Production shutdowns planned in Middle East for January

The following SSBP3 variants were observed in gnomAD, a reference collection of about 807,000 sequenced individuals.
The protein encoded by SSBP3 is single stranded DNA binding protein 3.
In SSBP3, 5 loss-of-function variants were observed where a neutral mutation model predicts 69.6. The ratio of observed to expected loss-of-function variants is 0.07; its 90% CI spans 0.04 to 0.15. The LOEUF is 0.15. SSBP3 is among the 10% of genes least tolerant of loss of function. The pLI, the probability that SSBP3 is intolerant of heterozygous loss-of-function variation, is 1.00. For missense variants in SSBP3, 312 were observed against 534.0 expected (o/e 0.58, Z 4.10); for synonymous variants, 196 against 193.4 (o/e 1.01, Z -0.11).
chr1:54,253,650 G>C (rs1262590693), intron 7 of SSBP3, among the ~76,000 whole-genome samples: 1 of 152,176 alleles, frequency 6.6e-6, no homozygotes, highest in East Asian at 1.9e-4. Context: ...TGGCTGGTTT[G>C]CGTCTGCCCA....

Middle Eastern suppliers have been talking about their limited allocations for PP and PE in global markets, as per ChemOrbis. After Saudi Polymers shut its new Jubail complex in November, other producers have been added to the list of shutdowns recently reported from the region. Saudi Polymers was expected to resume production on December 11 at its complex, where they faced technical problems earlier and had to go for a shutdown after it had started commercial operations in October. The complex hosts a cracker with a capacity to produce 1.16 mln tpa of ethylene and 430,000 tpa of propylene, plus a total PE capacity to produce 1.1 mln tpa and 400,000 tpa of PP. The restart date remains unclear as of now while some players speculate that it should be back into operations in January. Borouge had a shutdown at its Ruwais petrochemical complex in Abu Dhabi in December, bringing down its two PE units with a total capacity of 600,000 tpa. Now, the producer is preparing to shut its Borouge 2 site in mid January for a month long maintenance. The site includes a 1.45 mln tpa cracker along with a 540,000 tpa PE unit and two PP units, each producing 400,000 tpa, as per ChemOrbis. PetroRabigh is also considering a shutdown at its 600,000 tpa LLDPE plant in Saudi Arabia, according to market players. The maintenance shutdown is expected to take place in early January or mid January, they report, while they are currently said to be running at low rates. A market source also informed that the shutdown will last three to four weeks. Limited supplies have been the main reason pulling prices higher in the Turkish PP and PE markets recently. Middle Eastern producers continue to report limited PP and PE availability for January as well. A trader reported selling its limited Saudi Arabian PP allocation this past week with a US$20/ton increase over early December while an official distributor of another Saudi Arabian producer has started offering PP and PE US$20-30/ton higher for next month from their warehouses. “Demand for prompt materials is quite good,” he commented.
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